Pay rises are set to hit new records in 2022 in the face of tough recruitment conditions, yet will still struggle to keep pace with inflation.
The CIPD’s latest quarterly Labour Market Outlook also found evidence that employers are increasingly advertising roles as flexible and are upskilling existing employees to help overcome labour shortages.
Employers anticipate making pay awards of a median of 3%, the highest since 2012-13 when the survey began using its current methods.
The CIPD surveyed more than 1,000 employers in January 2022 about their hiring, pay and redundancy intentions for the first quarter of the year.
More than two-thirds (70%) of employers said they planned to recruit in the following three months and just one in 10 (11%) planned to make redundancies. Redundancy intentions were significantly higher before the pandemic, at 16% in winter 2019-20.
Almost half (46%) of UK employers reported having vacancies that were hard-to-fill. Two thirds of employers (64%) anticipate problems filling vacancies in the next six months, with a third (33%) expecting these problems to be “significant”.
In the past six months almost half (48%) of employers with hard-to-fill vacancies had increased wages to attract new hires and 46% of employers have advertised more jobs as flexible, found the survey.
Efforts to improve workforce retention were on the rise. Two-fifths of employers (41%) reported increased employee turnover or difficulty with retaining people over the last six months.
To address this, 46% of employers with retention difficulties have raised the pay of the incumbent workforce in the past six months and 40% planned to raise pay in the future.
Overall, employers report that the median basic pay increase in their organisation (excluding bonuses) in the 12 months to December 2022 will be 3%, the highest figure recorded in the past 10 years of the CIPD’s reporting.
Other popular responses to retention difficulties in the past six months include improved flexible working arrangements, implemented by 48% of employers, focusing more on employee wellbeing (45%) and increased investment in training and development (36%).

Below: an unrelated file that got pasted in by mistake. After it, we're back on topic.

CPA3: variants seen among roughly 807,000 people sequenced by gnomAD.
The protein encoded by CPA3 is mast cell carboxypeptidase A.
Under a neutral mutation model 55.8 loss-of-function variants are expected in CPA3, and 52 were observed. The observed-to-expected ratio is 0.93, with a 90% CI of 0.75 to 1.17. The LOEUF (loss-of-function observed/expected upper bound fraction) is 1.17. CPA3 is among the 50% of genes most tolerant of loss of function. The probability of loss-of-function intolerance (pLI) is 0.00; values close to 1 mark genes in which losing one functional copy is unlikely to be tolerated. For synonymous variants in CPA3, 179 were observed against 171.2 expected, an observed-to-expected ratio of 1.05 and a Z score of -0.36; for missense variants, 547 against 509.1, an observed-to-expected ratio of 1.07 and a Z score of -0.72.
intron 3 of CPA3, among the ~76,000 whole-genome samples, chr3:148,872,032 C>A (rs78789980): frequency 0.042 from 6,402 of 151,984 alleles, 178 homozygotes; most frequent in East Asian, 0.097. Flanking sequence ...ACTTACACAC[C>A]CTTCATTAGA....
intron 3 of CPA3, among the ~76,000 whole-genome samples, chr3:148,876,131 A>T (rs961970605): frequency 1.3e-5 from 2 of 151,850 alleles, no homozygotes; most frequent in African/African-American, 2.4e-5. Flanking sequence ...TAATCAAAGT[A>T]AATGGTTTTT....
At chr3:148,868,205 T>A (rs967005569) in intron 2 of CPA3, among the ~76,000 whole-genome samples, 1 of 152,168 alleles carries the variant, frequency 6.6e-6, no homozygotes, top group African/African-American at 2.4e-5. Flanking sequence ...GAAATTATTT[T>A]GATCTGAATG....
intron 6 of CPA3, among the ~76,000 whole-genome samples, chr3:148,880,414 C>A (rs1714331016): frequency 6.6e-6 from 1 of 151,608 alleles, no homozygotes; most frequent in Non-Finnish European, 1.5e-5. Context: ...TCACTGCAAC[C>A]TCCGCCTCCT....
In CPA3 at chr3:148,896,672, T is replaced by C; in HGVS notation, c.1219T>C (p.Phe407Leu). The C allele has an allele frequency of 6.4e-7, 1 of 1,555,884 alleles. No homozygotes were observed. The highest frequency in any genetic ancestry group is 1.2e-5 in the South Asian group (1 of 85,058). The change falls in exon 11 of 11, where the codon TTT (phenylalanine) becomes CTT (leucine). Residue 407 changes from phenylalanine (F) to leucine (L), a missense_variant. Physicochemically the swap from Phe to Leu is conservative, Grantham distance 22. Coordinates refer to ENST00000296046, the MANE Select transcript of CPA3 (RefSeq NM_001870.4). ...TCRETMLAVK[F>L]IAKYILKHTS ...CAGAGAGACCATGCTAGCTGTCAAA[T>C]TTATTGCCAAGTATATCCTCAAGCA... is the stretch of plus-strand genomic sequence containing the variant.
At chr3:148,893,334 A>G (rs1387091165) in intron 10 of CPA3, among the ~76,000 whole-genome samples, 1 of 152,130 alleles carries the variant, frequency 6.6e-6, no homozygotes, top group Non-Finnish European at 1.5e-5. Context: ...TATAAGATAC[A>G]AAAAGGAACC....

Jonathan Boys, labour market economist for the CIPD, said inflation would take the shine off the “good news” on pay.
“Even though businesses anticipate making record pay awards to their employees this year, most people are set to see their real wages fall against the backdrop of high inflation.
“What is encouraging is that more employers are looking beyond pay increases to help attract and retain staff by providing more flexible working opportunities and investing in more training and development, as well as taking steps to support employee health and wellbeing. Together these practices can broaden the range of candidates employers can attract and may also reduce the need to recruit more staff, which should reduce wage inflation pressure to a degree.”
Boys urged the UK government to also address skills policy failings to support greater employer investment in workforce training. He highlighted the urgent need to reform the apprenticeship levy into a more flexible training levy “to help reverse the falling number of apprenticeships going to young people and enable employers to use the levy for other forms of more flexible and cost-effective training for existing employees”.
The CIPD also found that the net employment balance – which measures the difference between employers expecting to increase staff levels in the next three months and those expecting to decrease staff levels – had remained steady this quarter (+37). It said this was still one of the highest figures on record and was being driven largely by the private sector.
Over four-fifths (84%) of employers were planning a pay review in the 12 months to December 2022, the research also found. Among these, around four in 10 (40%) expected basic pay to increase, 7% expected a pay freeze, while just 1% expected a decrease.